Every day there’s a “something correlates with autism” story; Emily Willingham just did a roundup of weird ones. When I first started to learn about autism, it took no time to realize that these aren’t very helpful. I wish researchers would focus elsewhere, and some already are.
Here are two studies (these happened to pop up today) that did better:
- Social skills and motor skills are correlated
- de novo mutations are elevated only when autism accompanies intellectual disability
I didn’t dig in on these studies in detail, the point is that their reported findings are much more informative than they would be if they were simply “autism correlated with motor skill impairments” or “autism correlated with de novo mutations.” They go a level deeper and attempt to look at dimensions within autism.
Here’s what’s wrong with a “correlate autism with X” study.
Plenty of evidence seems to support the idea that autism is more like a trait or symptom than a disease. Some people seem to experience autism primarily as sensory differences; others as a different kind of thinking (perhaps in pictures, or in explicit, intellectualized fashion); others emphasize medical issues such as seizures or tuberous sclerosis with autism as an effect. Sometimes autism comes with intellectual disability, other times it doesn’t. It may or may not imply motor deficits. On and on — there are so many differences. We’ve put all kinds of people and experiences together and said: these people have a brain focused on something besides social interaction, and that’s what’s most important about them.
We need to view this grouping as contingent and pragmatic, to be used when it makes sense. If we’re asking, “should we be concerned about this person’s ability to make friends and navigate social situations in daily life?” then the broad “autism” label is appropriate, because it’s defined by something close to that question.
But if we’re asking, “what specific education or accommodation does this person need?” or “what strengths might this person have to build on?” or “do we expect problems other than the core social deficits?” or “what causes autism?” … any practical question, really … we need more specific ways to group and understand people. Just “autism” tells us little, and may even be actively misleading.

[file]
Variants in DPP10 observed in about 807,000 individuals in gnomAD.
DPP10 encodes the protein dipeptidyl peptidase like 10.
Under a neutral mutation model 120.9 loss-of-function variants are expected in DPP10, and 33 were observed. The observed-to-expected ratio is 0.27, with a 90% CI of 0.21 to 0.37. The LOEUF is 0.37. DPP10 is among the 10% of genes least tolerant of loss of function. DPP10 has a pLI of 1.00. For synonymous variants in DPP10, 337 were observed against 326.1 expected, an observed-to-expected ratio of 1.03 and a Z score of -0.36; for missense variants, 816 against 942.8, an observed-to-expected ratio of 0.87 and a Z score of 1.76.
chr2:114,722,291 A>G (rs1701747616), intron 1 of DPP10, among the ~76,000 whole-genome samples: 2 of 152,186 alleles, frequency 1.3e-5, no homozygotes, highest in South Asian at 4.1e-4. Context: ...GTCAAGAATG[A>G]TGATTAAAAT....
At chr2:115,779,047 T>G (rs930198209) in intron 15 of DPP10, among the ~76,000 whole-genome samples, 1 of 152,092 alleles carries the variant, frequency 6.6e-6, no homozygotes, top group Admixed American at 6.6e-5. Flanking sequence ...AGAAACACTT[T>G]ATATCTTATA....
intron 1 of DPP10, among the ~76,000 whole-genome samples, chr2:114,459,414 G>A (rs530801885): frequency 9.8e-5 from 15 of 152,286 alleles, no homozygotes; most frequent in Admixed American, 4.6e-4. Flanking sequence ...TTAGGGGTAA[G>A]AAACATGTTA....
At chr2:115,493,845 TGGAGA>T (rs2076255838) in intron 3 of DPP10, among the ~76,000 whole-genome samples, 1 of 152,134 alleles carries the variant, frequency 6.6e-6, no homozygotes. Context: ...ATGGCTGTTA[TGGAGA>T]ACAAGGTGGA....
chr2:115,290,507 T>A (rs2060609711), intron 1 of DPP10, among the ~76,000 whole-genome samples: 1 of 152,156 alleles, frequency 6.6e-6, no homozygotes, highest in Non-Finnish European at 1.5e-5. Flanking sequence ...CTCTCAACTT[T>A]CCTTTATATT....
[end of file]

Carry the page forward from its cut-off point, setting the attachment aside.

“Autism” has a crude yes-or-no quality. If someone is just outside the autism range on the usual autism assessments, are their social skills perfect or might they benefit from extra help in those areas?
What could researchers do to improve?
- Measure autism dimensionally … continuing those measures outside the official spectrum. See if the variable you’re looking at also relates to more-autism-like but not-quite-diagnosable “neurotypicals,” for example.
- Measure separate aspects of autism separately. Some research suggests that sensory issues and social issues may not be strongly related, for example.
- Look for relationships among those variables which aren’t part of the autism diagnosis, but crop up often in autistic persons. Motor skills differences; language differences; picture-thinkers and word-fact thinkers; attention-seeking behavior; verbal vs. non-verbal; presence of medical issues such as seizures.
- Some studies have tried to find commonality in “responders” and “non-responders” to intervention; those are great studies! Which people benefit from which kinds of help?
“Autism correlates with X” research really falls over when it comes to debates about the DSM criteria. How are we supposed to improve the criteria by finding things that correlate with the current criteria? Circular and nonsensical.
In the end, a yes-or-no on autism isn’t enough. We need to describe a person more specifically, including their strengths, and then list social deficits or repetitive behaviors as one aspect of whatever’s going on with that person. Once we understand autism, it probably goes away as a diagnosis and returns as a trait (one associated with certain diseases, perhaps, but perhaps also arising from certain strengths).
There’s plenty of anecdata out there about kinds of people with autism; picture-thinkers, “little professors,” memorization-loving hyperlexics, lovers of sensory experience. It’s time to try understanding these differences in earnest.
Take the study I linked to earlier, reporting that de novo mutations only correlate with autism with intellectual disability? If that turns out to be true, does it mean that some autisms with and without intellectual disability have distinct causes? It’s a fascinating clue.